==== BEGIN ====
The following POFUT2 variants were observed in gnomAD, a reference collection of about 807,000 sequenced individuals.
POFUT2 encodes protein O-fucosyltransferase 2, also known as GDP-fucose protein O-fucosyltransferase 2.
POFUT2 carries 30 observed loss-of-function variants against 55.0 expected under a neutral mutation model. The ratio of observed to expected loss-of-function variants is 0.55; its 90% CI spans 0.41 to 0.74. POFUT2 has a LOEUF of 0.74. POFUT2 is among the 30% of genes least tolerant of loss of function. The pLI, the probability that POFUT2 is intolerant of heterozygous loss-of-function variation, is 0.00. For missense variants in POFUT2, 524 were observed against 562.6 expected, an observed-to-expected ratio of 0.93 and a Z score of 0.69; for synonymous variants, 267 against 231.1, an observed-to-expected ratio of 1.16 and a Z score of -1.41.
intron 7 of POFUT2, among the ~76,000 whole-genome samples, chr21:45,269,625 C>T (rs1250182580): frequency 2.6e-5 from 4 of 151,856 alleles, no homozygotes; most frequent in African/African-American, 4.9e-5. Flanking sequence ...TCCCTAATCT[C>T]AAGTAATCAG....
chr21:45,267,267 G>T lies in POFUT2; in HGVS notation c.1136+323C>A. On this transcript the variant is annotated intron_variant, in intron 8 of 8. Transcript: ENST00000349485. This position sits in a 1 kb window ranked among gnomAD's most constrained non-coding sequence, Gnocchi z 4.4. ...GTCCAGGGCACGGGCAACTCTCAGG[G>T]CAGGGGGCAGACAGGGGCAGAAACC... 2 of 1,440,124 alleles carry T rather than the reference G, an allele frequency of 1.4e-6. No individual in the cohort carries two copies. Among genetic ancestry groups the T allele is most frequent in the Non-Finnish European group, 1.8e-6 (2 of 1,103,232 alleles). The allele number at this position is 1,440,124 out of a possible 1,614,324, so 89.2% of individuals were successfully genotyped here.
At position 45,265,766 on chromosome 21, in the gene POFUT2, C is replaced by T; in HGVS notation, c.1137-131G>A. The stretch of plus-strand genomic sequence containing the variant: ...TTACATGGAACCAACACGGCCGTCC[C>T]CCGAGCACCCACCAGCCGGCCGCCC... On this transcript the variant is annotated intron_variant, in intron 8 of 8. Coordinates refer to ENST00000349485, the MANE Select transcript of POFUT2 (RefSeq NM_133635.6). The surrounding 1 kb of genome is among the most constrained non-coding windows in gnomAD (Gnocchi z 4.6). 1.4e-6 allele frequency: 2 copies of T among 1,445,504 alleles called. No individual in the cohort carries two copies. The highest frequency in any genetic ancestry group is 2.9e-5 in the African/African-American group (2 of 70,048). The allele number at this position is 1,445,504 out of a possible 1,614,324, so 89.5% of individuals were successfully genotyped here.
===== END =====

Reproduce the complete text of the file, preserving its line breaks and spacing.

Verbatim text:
The following POFUT2 variants were observed in gnomAD, a reference collection of about 807,000 sequenced individuals.
POFUT2 encodes protein O-fucosyltransferase 2, also known as GDP-fucose protein O-fucosyltransferase 2.
POFUT2 carries 30 observed loss-of-function variants against 55.0 expected under a neutral mutation model. The ratio of observed to expected loss-of-function variants is 0.55; its 90% CI spans 0.41 to 0.74. POFUT2 has a LOEUF of 0.74. POFUT2 is among the 30% of genes least tolerant of loss of function. The pLI, the probability that POFUT2 is intolerant of heterozygous loss-of-function variation, is 0.00. For missense variants in POFUT2, 524 were observed against 562.6 expected, an observed-to-expected ratio of 0.93 and a Z score of 0.69; for synonymous variants, 267 against 231.1, an observed-to-expected ratio of 1.16 and a Z score of -1.41.
intron 7 of POFUT2, among the ~76,000 whole-genome samples, chr21:45,269,625 C>T (rs1250182580): frequency 2.6e-5 from 4 of 151,856 alleles, no homozygotes; most frequent in African/African-American, 4.9e-5. Flanking sequence ...TCCCTAATCT[C>T]AAGTAATCAG....
chr21:45,267,267 G>T lies in POFUT2; in HGVS notation c.1136+323C>A. On this transcript the variant is annotated intron_variant, in intron 8 of 8. Transcript: ENST00000349485. This position sits in a 1 kb window ranked among gnomAD's most constrained non-coding sequence, Gnocchi z 4.4. ...GTCCAGGGCACGGGCAACTCTCAGG[G>T]CAGGGGGCAGACAGGGGCAGAAACC... 2 of 1,440,124 alleles carry T rather than the reference G, an allele frequency of 1.4e-6. No individual in the cohort carries two copies. Among genetic ancestry groups the T allele is most frequent in the Non-Finnish European group, 1.8e-6 (2 of 1,103,232 alleles). The allele number at this position is 1,440,124 out of a possible 1,614,324, so 89.2% of individuals were successfully genotyped here.
At position 45,265,766 on chromosome 21, in the gene POFUT2, C is replaced by T; in HGVS notation, c.1137-131G>A. The stretch of plus-strand genomic sequence containing the variant: ...TTACATGGAACCAACACGGCCGTCC[C>T]CCGAGCACCCACCAGCCGGCCGCCC... On this transcript the variant is annotated intron_variant, in intron 8 of 8. Coordinates refer to ENST00000349485, the MANE Select transcript of POFUT2 (RefSeq NM_133635.6). The surrounding 1 kb of genome is among the most constrained non-coding windows in gnomAD (Gnocchi z 4.6). 1.4e-6 allele frequency: 2 copies of T among 1,445,504 alleles called. No individual in the cohort carries two copies. The highest frequency in any genetic ancestry group is 2.9e-5 in the African/African-American group (2 of 70,048). The allele number at this position is 1,445,504 out of a possible 1,614,324, so 89.5% of individuals were successfully genotyped here.